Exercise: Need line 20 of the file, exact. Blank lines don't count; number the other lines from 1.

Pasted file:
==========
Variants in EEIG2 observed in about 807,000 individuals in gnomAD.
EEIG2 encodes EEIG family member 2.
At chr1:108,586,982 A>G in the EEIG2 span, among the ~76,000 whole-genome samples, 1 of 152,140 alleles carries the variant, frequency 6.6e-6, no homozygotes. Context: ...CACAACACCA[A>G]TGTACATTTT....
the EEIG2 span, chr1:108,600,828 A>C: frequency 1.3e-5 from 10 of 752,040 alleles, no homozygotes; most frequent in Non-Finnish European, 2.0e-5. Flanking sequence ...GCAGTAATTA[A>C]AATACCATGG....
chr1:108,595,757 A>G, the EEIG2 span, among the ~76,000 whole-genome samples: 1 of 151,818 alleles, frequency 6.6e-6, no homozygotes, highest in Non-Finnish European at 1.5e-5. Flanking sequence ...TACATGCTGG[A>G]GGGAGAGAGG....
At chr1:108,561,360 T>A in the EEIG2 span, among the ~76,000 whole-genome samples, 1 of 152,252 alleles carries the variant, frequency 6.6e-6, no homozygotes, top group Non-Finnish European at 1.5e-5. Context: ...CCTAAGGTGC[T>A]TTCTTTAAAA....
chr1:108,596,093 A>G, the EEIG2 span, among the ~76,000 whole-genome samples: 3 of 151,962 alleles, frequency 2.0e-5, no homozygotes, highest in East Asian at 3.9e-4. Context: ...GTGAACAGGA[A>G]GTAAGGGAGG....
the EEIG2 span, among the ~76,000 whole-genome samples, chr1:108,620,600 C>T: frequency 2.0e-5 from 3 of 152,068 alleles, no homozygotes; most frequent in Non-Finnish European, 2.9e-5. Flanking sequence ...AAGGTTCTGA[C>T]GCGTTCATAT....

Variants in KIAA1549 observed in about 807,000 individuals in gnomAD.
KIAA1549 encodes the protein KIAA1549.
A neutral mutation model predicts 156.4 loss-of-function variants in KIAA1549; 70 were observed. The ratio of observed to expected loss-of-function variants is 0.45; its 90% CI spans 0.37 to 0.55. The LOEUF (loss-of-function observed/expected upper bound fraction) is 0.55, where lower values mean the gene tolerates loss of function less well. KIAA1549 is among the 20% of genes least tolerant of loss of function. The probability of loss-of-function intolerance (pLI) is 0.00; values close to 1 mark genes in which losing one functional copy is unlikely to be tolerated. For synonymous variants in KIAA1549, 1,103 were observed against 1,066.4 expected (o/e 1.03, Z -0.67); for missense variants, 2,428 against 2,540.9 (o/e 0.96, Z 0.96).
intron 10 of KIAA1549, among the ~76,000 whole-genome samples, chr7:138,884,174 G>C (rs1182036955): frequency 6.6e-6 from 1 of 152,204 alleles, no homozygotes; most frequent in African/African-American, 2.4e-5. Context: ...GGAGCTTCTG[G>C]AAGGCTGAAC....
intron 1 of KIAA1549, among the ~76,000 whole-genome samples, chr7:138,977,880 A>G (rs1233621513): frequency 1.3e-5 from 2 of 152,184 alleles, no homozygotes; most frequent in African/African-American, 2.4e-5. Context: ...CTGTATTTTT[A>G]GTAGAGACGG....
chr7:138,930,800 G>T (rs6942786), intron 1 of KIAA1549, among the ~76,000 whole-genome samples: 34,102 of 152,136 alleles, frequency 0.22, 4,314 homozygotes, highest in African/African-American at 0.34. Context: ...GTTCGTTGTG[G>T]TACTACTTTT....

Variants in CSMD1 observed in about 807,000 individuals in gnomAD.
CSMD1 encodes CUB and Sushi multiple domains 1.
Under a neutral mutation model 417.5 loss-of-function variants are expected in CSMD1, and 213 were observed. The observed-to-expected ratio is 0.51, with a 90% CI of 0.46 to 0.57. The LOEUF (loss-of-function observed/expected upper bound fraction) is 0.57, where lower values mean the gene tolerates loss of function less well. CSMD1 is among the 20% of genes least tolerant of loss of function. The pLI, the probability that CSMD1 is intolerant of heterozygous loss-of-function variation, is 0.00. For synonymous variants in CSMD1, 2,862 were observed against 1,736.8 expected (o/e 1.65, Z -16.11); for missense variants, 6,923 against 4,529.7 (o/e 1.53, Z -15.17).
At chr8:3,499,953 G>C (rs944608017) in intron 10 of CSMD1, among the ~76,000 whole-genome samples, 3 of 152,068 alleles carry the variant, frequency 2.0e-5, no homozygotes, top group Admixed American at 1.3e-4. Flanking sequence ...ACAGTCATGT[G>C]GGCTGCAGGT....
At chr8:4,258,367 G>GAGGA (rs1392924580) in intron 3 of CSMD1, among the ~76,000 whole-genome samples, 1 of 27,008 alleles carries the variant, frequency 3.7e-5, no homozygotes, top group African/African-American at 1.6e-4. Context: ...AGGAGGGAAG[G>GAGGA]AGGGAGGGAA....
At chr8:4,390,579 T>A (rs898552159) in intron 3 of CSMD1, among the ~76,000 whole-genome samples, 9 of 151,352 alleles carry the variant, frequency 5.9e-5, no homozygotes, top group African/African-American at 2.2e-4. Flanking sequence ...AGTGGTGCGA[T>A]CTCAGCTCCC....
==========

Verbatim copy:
At chr8:4,390,579 T>A (rs898552159) in intron 3 of CSMD1, among the ~76,000 whole-genome samples, 9 of 151,352 alleles carry the variant, frequency 5.9e-5, no homozygotes, top group African/African-American at 2.2e-4. Flanking sequence ...AGTGGTGCGA[T>A]CTCAGCTCCC....